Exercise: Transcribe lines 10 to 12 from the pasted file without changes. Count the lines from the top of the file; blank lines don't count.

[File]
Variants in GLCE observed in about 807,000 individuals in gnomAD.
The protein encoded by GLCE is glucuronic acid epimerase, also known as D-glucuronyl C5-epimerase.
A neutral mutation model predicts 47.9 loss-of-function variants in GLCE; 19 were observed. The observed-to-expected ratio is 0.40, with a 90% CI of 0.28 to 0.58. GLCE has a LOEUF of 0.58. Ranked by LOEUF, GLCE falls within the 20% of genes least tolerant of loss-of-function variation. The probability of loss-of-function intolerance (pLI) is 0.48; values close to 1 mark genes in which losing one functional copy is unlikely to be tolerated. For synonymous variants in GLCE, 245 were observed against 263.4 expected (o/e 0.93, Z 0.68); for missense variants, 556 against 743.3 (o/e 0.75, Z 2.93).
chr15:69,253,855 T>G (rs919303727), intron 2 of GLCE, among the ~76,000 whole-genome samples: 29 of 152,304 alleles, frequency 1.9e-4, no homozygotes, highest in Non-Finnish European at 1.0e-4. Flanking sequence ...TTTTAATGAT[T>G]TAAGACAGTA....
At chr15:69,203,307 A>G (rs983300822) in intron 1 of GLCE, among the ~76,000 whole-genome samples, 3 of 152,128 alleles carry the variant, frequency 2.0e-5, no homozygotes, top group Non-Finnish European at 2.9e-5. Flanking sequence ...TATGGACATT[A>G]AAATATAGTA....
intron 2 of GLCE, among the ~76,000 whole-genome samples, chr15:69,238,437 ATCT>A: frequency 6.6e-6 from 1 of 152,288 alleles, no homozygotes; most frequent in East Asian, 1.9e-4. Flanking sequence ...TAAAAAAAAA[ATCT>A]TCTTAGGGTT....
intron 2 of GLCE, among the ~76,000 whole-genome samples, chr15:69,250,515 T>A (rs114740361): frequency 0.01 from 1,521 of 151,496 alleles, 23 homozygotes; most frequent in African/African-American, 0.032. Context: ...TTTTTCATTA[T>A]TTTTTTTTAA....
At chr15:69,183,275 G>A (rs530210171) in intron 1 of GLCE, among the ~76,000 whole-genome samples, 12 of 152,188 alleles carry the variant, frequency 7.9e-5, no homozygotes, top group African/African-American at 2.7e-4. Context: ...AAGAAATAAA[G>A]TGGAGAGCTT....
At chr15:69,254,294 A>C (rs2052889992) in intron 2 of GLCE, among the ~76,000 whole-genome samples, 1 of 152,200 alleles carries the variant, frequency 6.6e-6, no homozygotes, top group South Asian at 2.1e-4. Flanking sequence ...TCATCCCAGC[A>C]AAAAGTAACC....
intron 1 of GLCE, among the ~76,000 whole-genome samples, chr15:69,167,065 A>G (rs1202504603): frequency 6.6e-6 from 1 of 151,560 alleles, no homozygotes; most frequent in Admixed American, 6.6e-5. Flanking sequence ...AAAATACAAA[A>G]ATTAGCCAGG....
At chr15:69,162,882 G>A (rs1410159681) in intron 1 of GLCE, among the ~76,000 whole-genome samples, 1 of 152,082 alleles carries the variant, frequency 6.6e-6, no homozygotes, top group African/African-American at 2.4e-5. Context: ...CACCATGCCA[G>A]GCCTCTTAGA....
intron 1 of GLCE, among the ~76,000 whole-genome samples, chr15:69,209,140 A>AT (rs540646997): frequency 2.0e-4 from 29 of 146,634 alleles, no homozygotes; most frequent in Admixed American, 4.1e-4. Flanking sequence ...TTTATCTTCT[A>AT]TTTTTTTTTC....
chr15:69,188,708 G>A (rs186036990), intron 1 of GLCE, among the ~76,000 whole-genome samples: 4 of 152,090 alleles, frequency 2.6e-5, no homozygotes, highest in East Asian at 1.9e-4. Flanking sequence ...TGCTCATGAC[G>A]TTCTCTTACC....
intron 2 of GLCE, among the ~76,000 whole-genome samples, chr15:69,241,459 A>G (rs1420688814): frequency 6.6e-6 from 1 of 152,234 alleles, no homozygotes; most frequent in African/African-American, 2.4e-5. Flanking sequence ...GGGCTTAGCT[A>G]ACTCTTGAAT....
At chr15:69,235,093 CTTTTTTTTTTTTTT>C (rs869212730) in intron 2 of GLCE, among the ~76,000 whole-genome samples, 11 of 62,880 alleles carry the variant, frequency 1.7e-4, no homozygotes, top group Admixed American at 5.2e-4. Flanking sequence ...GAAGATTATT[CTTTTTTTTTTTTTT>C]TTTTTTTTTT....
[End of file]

intron 1 of GLCE, among the ~76,000 whole-genome samples, chr15:69,167,065 A>G (rs1202504603): frequency 6.6e-6 from 1 of 151,560 alleles, no homozygotes; most frequent in Admixed American, 6.6e-5. Flanking sequence ...AAAATACAAA[A>G]ATTAGCCAGG....
At chr15:69,162,882 G>A (rs1410159681) in intron 1 of GLCE, among the ~76,000 whole-genome samples, 1 of 152,082 alleles carries the variant, frequency 6.6e-6, no homozygotes, top group African/African-American at 2.4e-5. Context: ...CACCATGCCA[G>A]GCCTCTTAGA....
intron 1 of GLCE, among the ~76,000 whole-genome samples, chr15:69,209,140 A>AT (rs540646997): frequency 2.0e-4 from 29 of 146,634 alleles, no homozygotes; most frequent in Admixed American, 4.1e-4. Flanking sequence ...TTTATCTTCT[A>AT]TTTTTTTTTC....